Furlough scheme draws to an end from next week – Rishi Sunak’s changes explained

Rishi Sunak: There are no plans to extend furlough

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Furlough has provided support for millions of people amid the ongoing COVID-19 crisis. The scheme, offered by the Government, has covered the wages of individuals who are unable to work due to the pandemic. It has been particularly helpful for businesses which have been forced to shutter as a result of the virus.

However, as COVID-19 restrictions lift across the UK, the Chancellor Rishi Sunak announced the end of the scheme. 

A Treasury spokesperson previously told Express.co.uk: “The furlough scheme is in place until September – we deliberately went long with our support to provide certainty to people and businesses over the summer.

“The number of people on the furlough scheme has already fallen to the lowest level this year, with more than one million coming off the scheme in March and April – showing our plan for jobs is working.”

As the furlough scheme is set to draw to a close in September, Britons should be aware of the impacts on business.

Before July, the level of Government support was set at 80 percent of wages up to the value of £2,500.

However, this support has been gradually scaled back in efforts to wean businesses off the scheme.

In the coming month, similar to August, the Government contribution will be set at 60 percent of wages up to £1,875.

Employers will be required to cover employer National Insurance contributions, alongside pension contributions for their employees.

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With Government support reduced, employers will also need to cover 20 percent of wages up to £625 for their workers.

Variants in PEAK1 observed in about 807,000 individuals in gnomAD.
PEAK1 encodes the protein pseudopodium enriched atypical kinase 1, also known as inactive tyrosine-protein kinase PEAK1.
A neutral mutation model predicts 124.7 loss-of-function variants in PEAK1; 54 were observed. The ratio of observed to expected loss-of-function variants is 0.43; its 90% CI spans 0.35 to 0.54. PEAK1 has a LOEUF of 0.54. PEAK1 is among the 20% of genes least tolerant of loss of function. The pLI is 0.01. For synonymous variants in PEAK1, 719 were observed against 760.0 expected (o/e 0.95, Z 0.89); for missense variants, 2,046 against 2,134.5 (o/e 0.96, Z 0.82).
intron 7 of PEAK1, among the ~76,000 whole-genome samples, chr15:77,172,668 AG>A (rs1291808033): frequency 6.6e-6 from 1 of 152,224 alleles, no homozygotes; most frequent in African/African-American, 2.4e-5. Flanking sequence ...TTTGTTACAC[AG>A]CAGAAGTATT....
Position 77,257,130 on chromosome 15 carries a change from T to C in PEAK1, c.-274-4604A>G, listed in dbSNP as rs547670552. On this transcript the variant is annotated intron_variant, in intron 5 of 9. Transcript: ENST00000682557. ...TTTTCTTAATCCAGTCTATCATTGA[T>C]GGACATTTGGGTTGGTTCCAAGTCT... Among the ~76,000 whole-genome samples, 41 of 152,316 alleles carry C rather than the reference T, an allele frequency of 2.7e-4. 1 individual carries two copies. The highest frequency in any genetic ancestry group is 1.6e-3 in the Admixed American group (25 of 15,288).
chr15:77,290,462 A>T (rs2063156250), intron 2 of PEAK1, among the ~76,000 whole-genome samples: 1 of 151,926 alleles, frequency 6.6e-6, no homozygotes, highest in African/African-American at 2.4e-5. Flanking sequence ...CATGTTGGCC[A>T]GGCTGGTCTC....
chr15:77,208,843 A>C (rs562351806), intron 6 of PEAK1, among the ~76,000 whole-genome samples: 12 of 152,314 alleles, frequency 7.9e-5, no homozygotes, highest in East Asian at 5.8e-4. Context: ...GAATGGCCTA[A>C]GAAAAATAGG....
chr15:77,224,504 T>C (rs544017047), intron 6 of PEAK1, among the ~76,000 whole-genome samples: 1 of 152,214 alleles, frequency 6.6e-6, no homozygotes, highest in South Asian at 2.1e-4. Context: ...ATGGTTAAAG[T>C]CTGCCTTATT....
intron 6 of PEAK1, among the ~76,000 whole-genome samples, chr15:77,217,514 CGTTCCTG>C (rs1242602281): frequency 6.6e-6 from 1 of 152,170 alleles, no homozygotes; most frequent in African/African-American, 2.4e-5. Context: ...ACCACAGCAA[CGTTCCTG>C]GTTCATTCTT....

But because of this, Britons who are on furlough should not experience any disruption with their pay.

It will instead derive from two different sources – the Government and an employer – with rules dictating the same sum for individuals.

Employers, however many choose to top up their workers’ wages above the 80 percent total for the hours not worked.

However, this is optional, and must be done at an organisation’s own expense. 

There has been concern recently about what the end of furlough support will mean.

The conclusion of the scheme is set to coincide with the removal of other support measures such as the planned scaling back of Universal Credit – eliminating the temporary £20 uplift.

A survey undertaken by the London School of Economics (LSE) recently showed around one in every 16 businesses across the UK state they are at risk of closure over the next three months.

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With requirements to take on additional financial responsibilities due to the end of furlough, some are unsure how they will cope.

This could potentially lead to redundancies, and consequently, significant unemployment.

Peter Lambert, an author of the research, told The Guardian: “My bet is there will be more targeted support.

“Unless the economy really, really picks up, there’s going to be lots of people still left in the lurch in specific sectors.”

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